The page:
President Barack Obama plans to dispatch 3,000 U.S. military personnel to Africa as part of a major U.S. boost to counter the outbreak of Ebola as world health agencies warn that there aren’t enough medical personnel willing to work there to stem the tide of the disease.
Obama will announce the new push on Tuesday during a visit to the Centers for Disease Control and Prevention in Atlanta. It will include a U.S.-led joint command center in Monrovia, Liberia, 17 new Ebola treatment centers that will each treat as many as 100 patients, and 3,000 U.S. military personnel to help train health care providers and open treatment units. The planned push would have the capacity to train up to 500 health care workers a week, officials said Monday evening.
The U.S. will also initially provide 400,000 households in affected areas in Liberia with sanitation kits that will include medication, along with sanitizers.
The plan comes as international health organizations have criticized the U.S. and other government responses as inadequate to the scope of the problem. Administration officials, who asked for anonymity to speak ahead of Obama’s announcement, said the new steps reflect the administration’s belief it needs to “partner and lead” an international response to the outbreak, which as of Friday had killed more than 2,400 people and infected nearly 5,000.
Obama will make the remarks as he tours the Atlanta headquarters of the CDC, which has already deployed more medical personnel than ever before as the epidemic cuts through four West African countries. Administration officials said the epidemic had “grown exponentially” and that what was needed was a bigger response “and American leadership and know how.”
They noted that dozens of cases have turned into hundreds and that “if we do not arrest that growth now, we could be looking at hundreds of thousands of cases.”
Obama has identified the outbreak as a top national security priority, White House Press Secretary Josh Earnest said earlier Monday, and the visit to the CDC “underscores just how extraordinarily serious the administration believes this issue is.”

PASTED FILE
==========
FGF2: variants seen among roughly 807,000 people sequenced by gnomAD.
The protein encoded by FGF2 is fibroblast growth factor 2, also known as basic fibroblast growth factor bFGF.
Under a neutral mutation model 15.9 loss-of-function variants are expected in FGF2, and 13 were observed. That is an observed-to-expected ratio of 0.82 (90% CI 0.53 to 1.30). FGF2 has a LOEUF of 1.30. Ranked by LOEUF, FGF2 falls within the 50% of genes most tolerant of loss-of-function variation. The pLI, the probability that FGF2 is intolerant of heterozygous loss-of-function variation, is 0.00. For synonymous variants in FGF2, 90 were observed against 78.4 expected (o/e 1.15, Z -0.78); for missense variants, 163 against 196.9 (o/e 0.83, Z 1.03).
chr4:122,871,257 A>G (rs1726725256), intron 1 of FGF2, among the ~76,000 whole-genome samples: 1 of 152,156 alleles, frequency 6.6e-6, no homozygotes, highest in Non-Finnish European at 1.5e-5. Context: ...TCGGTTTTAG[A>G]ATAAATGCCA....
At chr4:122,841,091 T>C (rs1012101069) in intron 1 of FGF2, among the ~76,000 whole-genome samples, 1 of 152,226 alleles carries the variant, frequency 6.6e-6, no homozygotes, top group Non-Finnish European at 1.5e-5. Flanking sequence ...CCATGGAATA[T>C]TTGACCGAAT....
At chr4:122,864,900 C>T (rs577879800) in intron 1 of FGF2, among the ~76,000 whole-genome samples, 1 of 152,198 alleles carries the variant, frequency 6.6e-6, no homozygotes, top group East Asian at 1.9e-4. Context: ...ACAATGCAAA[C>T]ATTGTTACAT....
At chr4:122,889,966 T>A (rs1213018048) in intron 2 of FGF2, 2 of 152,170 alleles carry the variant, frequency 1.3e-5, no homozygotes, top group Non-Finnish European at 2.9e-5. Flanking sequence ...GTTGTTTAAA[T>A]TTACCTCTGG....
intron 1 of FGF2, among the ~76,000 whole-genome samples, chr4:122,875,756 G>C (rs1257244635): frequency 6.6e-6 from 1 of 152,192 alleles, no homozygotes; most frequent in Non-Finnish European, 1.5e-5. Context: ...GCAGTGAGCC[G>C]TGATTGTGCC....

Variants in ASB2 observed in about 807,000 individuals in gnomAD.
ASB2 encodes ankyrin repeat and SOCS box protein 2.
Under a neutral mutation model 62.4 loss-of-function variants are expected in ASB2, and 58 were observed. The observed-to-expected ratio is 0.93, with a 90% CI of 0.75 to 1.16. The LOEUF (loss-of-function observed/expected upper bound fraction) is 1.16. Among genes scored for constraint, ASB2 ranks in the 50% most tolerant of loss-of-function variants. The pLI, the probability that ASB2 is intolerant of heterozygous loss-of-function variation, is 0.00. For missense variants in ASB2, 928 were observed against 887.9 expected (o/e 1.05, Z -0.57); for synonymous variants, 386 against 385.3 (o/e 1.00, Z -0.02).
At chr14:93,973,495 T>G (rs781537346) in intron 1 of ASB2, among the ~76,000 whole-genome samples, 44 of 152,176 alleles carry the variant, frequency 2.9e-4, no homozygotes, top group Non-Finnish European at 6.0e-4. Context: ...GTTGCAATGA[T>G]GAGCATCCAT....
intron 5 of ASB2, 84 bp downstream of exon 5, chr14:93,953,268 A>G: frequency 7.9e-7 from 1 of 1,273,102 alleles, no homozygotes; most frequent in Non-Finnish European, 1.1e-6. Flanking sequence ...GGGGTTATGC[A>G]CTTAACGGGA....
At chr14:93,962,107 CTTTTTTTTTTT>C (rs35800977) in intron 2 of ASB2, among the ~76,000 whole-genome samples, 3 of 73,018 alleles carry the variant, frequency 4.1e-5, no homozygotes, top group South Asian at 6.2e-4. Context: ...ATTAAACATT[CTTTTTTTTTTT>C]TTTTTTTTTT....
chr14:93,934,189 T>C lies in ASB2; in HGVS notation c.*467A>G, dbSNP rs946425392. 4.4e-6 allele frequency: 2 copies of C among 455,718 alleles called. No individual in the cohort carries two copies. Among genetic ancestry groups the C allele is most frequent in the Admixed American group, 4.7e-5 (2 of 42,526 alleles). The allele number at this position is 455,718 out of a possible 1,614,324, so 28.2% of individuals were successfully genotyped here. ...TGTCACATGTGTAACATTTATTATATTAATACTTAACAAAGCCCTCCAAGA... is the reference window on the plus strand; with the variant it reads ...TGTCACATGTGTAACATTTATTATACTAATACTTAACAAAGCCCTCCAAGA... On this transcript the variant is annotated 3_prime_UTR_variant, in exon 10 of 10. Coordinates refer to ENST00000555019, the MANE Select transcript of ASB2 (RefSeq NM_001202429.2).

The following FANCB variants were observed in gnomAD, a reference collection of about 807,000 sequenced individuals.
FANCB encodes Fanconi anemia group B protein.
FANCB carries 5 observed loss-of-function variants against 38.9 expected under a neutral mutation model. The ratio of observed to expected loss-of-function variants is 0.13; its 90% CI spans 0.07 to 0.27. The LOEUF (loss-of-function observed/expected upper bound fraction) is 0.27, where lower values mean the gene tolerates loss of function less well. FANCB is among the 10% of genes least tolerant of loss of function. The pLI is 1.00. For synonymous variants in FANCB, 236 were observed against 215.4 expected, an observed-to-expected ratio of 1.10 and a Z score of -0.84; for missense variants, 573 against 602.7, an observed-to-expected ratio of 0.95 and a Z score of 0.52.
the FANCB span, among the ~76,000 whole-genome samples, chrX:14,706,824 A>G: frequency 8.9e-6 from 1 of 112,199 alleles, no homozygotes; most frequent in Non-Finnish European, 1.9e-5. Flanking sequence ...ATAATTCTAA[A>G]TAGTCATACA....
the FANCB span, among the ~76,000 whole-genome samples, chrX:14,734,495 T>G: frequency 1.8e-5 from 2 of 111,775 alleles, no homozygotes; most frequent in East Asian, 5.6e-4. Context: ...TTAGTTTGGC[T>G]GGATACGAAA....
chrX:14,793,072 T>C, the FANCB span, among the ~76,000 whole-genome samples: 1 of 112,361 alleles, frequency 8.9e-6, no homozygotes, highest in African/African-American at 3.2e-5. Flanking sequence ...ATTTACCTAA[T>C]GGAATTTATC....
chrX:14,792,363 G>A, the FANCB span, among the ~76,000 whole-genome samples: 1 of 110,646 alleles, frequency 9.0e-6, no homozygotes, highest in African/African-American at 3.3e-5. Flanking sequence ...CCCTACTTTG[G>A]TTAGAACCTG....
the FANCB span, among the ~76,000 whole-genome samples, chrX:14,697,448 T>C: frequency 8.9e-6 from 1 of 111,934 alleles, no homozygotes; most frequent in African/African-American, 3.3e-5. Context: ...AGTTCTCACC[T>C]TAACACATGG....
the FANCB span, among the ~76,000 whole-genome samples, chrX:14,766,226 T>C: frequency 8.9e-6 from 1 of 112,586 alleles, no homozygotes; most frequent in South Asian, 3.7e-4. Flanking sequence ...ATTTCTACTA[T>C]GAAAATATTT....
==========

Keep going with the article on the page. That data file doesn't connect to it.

Administration officials said they expect U.S. and European intervention will help “turn the tide from a high transmission epidemic that continues to grow every single day to one … where we start to see over many months a reduction in cases and deaths.”
The U.S. military, which now has one mobile laboratory in the disease area, has two more on the way and plans to open a previously-announced 25-bed hospital, a senior administration official said.
The military will also bump up training and engineering support to build the additional Ebola units, the official said. U.S. Africa Command will set up a joint force command headquarters in Liberia to coordinate U.S. government and international relief efforts.
A U.S. Army General from the Africa Command will oversee the U.S. military operation, and should be in place by the end of the week, the official said.
The military will also set up a staging base to help the U.S. Agency for International Development.
At the same time, the U.S. Public Health Service Commissioned Corps plans to send 65 administrators, clinicians and support staff to Liberia to manage and staff an already announced Defense Department hospital for healthcare workers who become ill.
White House officials said they still consider the chance of an outbreak in the U.S. to be a “very low probability” and said most of the U.S. efforts will be focused on containing the disease in West Africa, particularly in Liberia, where the rate of transmission is considered the most urgent.
The U.S. also plans to help “galvanize” a global security response, officials said, noting that U.S. Ambassador to the United Nations Samantha Powers will lead a UN Security Council meeting on the issue this week and the White House next week will hold a global health security summit.
Administration officials said the U.S. has already put $175 million into the effort and has more than 100 CDC experts in West Africa working to diagnosis cases and trace contacts.
The administration briefed members of Congress on the plans Monday and is asking for $88 million in a short-term budget bill that Congress is expected to take up this week. The military will be using about $500 million in unobligated overseas contingency funds, officials said.
World Health Organization officials told reporters Friday at the agency’s headquarters in Geneva that the number of new patients is increasing faster than the capacity to manage them. Director-general Margaret Chan said the world health community needs three to four times as many resources at it has committed “to catch up with the outbreaks.”